News Release

September 24, 2012      

For Further Information, Contact:
Robert Balkind, Acting Commissioner of Public Works
(845) 486-2121
E-mail: cpillus@dutchessny.gov

County Condemns Nelson House Annex for Public Safety
Foot traffic is restricted in pedestrian sidewalk area

Poughkeepsie… The Dutchess County Department of Public Works (DPW) has announced a portion of pedestrian sidewalk area in front of the three structures, including the former Nelson House Annex building, located at 28 and 44 Market Street in the City of Poughkeepsie, is closed to foot traffic due to the threat of falling debris. DPW has condemned the structures and recommended that they be demolished because the structures represent a safety hazard to those who walk or work in the vicinity of the structures due to the potential failure of parapets, coping, lintels and other exterior building components. The Nelson House Annex has been vacant since 1996.

Dutchess County Executive Marcus J. Molinaro signed Executive Order #4 of 2012 today declaring the existence of an emergency affecting the life, health or safety of inhabitants of Dutchess County with respect to the structures located at 28 and 44 Market Street, including the Nelson House Annex.   The Executive Order directs DPW to conduct a SEQRA review in connection with the demolition of the structures and ordered demolition following approval from the Dutchess County Legislature for contract execution to the lowest responsible bidder.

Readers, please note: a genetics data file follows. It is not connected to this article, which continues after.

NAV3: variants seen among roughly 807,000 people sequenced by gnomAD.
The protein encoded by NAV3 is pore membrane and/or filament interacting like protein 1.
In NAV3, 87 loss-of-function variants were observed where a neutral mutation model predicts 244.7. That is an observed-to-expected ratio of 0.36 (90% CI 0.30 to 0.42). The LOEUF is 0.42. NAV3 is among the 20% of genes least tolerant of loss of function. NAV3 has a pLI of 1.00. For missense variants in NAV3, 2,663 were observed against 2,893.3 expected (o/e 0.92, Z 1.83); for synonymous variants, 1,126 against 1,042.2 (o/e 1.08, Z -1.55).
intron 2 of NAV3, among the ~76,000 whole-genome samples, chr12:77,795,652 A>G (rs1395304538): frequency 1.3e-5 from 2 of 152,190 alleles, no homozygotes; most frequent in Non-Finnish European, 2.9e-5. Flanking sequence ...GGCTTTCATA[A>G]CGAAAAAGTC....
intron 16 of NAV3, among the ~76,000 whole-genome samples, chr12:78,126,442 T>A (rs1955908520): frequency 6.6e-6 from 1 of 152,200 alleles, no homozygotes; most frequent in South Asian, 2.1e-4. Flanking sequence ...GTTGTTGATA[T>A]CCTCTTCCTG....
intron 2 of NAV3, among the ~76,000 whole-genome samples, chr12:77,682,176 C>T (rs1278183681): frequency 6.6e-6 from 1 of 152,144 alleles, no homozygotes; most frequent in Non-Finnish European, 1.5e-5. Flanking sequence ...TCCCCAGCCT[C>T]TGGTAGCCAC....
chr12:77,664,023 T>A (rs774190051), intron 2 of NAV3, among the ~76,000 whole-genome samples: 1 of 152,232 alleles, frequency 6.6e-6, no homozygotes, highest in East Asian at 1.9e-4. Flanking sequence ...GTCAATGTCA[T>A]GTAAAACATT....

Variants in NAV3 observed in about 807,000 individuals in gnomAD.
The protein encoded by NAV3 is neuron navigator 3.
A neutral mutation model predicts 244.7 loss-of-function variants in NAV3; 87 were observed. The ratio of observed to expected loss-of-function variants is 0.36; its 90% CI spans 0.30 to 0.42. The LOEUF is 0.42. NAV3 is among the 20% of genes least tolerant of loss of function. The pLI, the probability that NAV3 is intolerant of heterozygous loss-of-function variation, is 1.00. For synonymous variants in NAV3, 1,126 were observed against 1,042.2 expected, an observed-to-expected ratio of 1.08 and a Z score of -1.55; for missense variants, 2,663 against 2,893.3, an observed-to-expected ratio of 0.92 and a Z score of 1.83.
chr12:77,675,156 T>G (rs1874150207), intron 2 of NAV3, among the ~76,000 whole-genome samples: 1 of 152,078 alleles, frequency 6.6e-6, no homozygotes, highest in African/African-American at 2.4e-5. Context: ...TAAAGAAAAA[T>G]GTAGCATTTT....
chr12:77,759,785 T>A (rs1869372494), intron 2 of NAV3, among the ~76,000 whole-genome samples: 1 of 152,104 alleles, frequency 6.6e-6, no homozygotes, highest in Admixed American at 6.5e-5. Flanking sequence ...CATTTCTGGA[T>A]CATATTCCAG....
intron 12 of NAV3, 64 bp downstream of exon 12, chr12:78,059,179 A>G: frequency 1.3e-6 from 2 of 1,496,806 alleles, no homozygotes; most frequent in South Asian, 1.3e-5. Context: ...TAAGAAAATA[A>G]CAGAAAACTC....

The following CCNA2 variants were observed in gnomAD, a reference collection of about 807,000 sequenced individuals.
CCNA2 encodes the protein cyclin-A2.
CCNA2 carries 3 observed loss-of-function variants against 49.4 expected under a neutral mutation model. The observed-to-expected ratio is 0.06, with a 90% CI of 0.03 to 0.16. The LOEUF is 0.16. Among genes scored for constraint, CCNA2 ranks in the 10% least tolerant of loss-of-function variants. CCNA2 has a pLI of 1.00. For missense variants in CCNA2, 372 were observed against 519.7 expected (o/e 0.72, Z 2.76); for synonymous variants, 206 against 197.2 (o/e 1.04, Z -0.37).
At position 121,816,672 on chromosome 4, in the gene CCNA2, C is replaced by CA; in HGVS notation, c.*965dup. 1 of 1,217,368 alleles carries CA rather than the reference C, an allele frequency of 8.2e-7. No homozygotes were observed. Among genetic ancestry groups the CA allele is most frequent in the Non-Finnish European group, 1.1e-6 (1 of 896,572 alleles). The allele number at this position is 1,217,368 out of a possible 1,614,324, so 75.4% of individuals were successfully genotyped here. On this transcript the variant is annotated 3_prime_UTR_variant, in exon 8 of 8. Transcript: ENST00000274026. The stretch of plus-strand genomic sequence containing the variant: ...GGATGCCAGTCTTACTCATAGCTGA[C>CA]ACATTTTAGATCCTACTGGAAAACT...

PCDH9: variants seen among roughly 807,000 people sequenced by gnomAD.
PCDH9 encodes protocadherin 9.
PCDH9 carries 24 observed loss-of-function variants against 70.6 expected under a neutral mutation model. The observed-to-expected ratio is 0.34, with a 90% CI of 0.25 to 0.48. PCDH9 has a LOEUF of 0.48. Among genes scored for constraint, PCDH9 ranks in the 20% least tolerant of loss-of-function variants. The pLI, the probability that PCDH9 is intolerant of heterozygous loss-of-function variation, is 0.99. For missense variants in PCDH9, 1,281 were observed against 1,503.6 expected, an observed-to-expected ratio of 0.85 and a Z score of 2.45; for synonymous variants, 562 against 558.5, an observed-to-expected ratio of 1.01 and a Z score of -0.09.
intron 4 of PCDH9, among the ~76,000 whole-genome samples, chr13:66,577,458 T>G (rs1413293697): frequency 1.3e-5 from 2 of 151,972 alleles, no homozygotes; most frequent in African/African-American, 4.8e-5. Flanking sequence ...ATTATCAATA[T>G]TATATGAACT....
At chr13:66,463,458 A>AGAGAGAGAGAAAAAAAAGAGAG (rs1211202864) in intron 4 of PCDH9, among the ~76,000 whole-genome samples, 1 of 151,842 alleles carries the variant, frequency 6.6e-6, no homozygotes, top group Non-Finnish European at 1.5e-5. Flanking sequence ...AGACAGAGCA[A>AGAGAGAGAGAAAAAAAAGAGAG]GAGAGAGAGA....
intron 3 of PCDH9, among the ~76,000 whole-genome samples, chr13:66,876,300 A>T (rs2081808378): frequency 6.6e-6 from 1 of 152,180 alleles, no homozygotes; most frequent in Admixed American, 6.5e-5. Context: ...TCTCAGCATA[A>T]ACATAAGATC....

The Executive Order came following recommendations from New York State Code Enforcement Officer Richard J. Carroll, who serves at the County’s outside Code Enforcement consultant,  Dutchess County Code Enforcement Officer Joseph M. Beahan and City of Poughkeepsie Building Inspector Gary E. Beck Jr. that the building be demolished as soon as feasible to preclude any further exposure to public safety.  These recommendations follow several studies conducted since 1988, including the most recent study by Sen Architects in 2012, which all outline the significant deterioration of the building and the safety hazards it presents.    Several of the 2012 study’s finding relate to issues of water freeze/thaw problems and snow/ice load concerns.    Therefore, with the impending winter conditions, the need to address the structures is immediate.

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    Last Updated: 9/24/2012